I recently put out a call for an RFI for the south-west so I think it’s
only right that I repay all the good advice I got by providing a trip
report. The opportunity to go to a conference on Rottnest Island provided
the chance to do some birding. Having never visited Western Australia
before, there was a range of new species to find and a diversion to
Christmas Island presented more opportunity to see more.
After having flown from Norfolk Island to Brisbane, I flew to Perth the
next day and headed straight down to Fremantle. Given that I was
overnighting in Fremantle I spent a bit of time wandering around the middle
of the city and the harbour area. This is not a spot for the WA endemics
and the only local ‘special’ I encountered were my first Laughing Doves on
an afternoon walk. Brown and Singing Honeyeaters were common in denser
bushes and Rainbow Lorikeets are well established along the esplanade area.
I also encountered a flock of Long-billed Corella on the Monument Hill
area. I twice thought I might have seen Red-capped Parrots fly past but
couldn’t confirm either time, so I departed for Rottnest still without any
That didn’t change while on Rottnest Island. The weather was generally
excellent when I was there and I really quite enjoyed the place, I must
return one day with my kids. Time for birding was minimal but generally I
squeezed in a bit of time in the afternoons. On the first day I headed down
to the closest lakes and walked as far as the causeway between Government
Lake and Lake Herschel. Bush birds included Singing Honeyeater, Red-capped
Robin, Western Gerygone, Spotted Pardalote and Australian Ravens, while
Rainbow Bee-eaters were also conspicuous. The lakes had a few ducks, all
Grey Teal and Australian Shelduck, as well as a few pairs of Pied
Oystercatchers. The causeway itself was a terrific location with a couple
of sandbars full of birds nearby. Over about half an hour, 3 flocks of
Banded Stilt flew overhead, each more than 100 birds. There was a sitting
group of about 400 Crested Tern and a nesting colony of about 40 Fairy
Tern. The waders were abundant but without a scope I struggled. The
majority were clearly Red-necked Stint, which numbered several hundred
while there also moderate amounts of Ruddy Turnstone. There were almost
certainly a few more species that I missed.
I saw one Common Pheasant on my first afternoon and didn’t see another,
though I didn’t make any effort at the usual locations on the golf course.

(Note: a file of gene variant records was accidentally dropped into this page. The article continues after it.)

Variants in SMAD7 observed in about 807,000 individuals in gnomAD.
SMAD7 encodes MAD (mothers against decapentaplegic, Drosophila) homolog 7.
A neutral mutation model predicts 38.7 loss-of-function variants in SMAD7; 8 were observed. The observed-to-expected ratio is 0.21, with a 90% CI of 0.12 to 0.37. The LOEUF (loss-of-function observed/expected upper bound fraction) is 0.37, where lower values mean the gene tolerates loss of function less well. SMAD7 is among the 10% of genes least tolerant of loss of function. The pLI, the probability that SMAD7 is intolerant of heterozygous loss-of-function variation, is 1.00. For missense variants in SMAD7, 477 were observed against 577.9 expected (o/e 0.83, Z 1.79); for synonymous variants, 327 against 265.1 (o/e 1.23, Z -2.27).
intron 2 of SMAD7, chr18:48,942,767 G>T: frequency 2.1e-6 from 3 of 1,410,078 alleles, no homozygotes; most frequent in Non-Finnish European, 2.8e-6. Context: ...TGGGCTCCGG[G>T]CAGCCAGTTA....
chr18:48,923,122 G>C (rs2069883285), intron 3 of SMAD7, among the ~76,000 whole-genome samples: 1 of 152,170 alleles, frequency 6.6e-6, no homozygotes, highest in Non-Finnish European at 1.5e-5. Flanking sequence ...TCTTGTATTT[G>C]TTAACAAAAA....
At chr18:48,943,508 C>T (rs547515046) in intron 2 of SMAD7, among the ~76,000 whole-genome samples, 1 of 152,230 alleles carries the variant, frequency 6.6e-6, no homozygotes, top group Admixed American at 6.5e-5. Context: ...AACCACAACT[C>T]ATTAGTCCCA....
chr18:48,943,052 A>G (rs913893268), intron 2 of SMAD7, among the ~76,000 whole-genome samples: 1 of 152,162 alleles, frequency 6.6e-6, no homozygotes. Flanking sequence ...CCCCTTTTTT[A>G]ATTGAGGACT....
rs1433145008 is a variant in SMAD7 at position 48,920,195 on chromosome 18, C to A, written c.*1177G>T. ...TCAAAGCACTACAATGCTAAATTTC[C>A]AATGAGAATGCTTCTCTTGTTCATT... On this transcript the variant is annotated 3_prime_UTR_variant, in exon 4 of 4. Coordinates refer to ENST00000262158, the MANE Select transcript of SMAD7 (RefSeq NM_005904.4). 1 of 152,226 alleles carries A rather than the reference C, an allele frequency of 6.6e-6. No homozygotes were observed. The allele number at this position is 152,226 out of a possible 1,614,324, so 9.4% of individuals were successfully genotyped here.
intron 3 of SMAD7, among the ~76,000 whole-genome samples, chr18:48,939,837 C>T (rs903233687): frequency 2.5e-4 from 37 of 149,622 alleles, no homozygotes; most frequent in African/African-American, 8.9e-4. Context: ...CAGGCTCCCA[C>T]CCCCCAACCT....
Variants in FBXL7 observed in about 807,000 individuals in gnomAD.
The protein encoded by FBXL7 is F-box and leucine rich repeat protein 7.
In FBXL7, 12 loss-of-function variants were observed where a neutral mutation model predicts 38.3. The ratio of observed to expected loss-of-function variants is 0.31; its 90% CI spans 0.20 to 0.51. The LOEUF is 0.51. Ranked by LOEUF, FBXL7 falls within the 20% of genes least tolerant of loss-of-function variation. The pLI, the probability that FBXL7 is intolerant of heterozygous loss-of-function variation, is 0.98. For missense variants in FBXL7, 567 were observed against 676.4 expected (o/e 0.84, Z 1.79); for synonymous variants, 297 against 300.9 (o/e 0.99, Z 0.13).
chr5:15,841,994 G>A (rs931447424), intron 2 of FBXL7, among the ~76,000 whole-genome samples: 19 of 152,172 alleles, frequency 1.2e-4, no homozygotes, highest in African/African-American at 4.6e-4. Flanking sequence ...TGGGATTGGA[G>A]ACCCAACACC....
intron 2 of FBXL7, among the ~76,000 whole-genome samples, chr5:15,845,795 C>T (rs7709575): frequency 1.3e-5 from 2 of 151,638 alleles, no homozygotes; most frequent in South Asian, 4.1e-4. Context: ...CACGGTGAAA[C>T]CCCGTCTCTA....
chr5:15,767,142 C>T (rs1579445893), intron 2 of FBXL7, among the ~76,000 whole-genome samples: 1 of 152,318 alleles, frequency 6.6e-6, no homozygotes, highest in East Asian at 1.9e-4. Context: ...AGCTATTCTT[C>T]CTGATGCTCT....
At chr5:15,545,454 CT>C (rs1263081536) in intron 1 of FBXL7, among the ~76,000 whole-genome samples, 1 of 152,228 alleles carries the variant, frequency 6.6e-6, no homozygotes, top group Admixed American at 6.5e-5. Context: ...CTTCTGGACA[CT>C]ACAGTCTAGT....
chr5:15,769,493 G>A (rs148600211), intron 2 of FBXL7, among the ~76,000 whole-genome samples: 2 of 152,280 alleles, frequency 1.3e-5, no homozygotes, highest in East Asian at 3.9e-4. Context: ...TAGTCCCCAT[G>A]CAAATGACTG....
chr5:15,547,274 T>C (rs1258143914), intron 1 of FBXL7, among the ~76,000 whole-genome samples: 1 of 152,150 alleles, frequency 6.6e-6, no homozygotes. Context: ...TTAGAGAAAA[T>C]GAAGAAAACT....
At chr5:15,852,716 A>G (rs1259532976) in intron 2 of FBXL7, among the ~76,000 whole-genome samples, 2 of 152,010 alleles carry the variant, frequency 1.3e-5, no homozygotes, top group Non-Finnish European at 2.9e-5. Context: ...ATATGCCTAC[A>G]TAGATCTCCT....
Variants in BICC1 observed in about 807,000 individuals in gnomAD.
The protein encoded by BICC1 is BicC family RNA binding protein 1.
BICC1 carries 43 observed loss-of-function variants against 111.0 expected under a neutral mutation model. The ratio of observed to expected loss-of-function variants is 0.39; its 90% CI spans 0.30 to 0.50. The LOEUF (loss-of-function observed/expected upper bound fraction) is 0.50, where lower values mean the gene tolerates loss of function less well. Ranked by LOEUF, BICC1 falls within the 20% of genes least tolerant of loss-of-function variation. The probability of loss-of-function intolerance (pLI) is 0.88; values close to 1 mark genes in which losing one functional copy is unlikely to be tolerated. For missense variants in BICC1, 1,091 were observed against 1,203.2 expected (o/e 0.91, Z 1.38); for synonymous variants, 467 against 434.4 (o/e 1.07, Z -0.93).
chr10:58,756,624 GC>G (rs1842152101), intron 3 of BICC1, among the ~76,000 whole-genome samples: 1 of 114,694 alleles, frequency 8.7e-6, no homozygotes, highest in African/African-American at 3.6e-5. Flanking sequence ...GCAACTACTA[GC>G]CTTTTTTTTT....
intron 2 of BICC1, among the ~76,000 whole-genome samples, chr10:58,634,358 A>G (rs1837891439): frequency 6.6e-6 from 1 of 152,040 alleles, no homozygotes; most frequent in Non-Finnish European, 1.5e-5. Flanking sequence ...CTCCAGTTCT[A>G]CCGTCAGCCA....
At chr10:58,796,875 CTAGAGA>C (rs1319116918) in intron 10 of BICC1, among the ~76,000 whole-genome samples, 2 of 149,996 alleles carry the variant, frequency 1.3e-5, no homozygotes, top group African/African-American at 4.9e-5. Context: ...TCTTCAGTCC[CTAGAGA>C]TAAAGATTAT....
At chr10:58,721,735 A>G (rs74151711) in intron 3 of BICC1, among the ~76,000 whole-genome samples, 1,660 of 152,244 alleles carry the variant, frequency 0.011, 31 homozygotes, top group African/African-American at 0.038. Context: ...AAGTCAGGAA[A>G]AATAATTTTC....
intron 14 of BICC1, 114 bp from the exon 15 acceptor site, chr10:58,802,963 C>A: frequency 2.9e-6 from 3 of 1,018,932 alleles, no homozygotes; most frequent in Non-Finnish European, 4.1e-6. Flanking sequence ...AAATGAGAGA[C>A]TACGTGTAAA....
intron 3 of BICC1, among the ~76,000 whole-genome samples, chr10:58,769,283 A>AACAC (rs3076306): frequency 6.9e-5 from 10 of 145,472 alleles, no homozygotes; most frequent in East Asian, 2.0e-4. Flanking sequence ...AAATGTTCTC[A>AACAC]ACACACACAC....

Several peacocks were calling loudly the whole time I was there. I think
it’s already well documented that there is no longer a breeding population
of Common Peafowl on Rottnest, all the peahens have been removed so I would
suggest it is no longer ‘tickable’. I’d assumed this was to eradicate the
birds from the island and they were squeamish about culling, but a
population of peacocks will remain on the island and even be supplemented
when necessary, as they are seen as a ‘heritage’ aspect to the island.
Following a birding-aus recommendation as a potential site for Roseate
Tern, I twice headed down to the spit and the eastern end of Thompson Bay.
On both occasions there were a few Crested, Caspian and Fairy Terns there.
A hundred metres or so offshore was an island with about 50 Pied Cormorant
and, more surprisingly, good numbers of Bridled Tern, both perched on the
island and flying about. On the second visit there were two full breeding
plumage Roseate Terns on the ocean end of the spit. In the afternoon light,
the pinkish hue to the plumage was really obvious.
I got on the bike and headed out to Lake Bagdad in the hope of better looks
at the Banded Stilts (a new species for me). There were at least 2000 of
them on the lake, it was unusal for me to see stilts swimming, not a common
look of White-headed Stilts, of which there were also many around the
edges. Without a scope I was unable to discern any waders or spot a
Red-necked Phalarope, but saw more Fairy Terns around the lake. A short
walk over the dune towards the beach flushed three quail, Brown Quail
perhaps, I couldn’t get a good look. While a small island off the coast
again had Bridled Tern. I looked for Rock Parrots along here without luck,
and along the coast back towards the lighthouse. A short stop at the golf
course had plenty of White-fronted Chat, Rainbow Bee-eater, Western
Gerygone, Banded Lapwing and a new endemic, Western Whistler – not one of
the more interesting local endemics I was still waiting to catch up with
back on the mainland. When walking back to my accommodation later in the
afternoon, I saw a grey-phase Pacific Reef Heron fly past just offshore.
On my last afternoon on the island I again tried the tennis
courts/lighthouse location for Rock Parrot, this time with more success,
seeing 5 or 6 birds fly past over about half an hour. Getting a closer look
proved troublesome with them hard to spot in the eucalypts near the tennis
courts where at least two had roosted. I’d suggest a good method for Rock
Parrots at this location would be to go up to the lighthouse boardwalk and
face back towards the tennis court. From here you can see most of the
roosting trees and a moderate amount of feeding area – a good spot to see
where they land.
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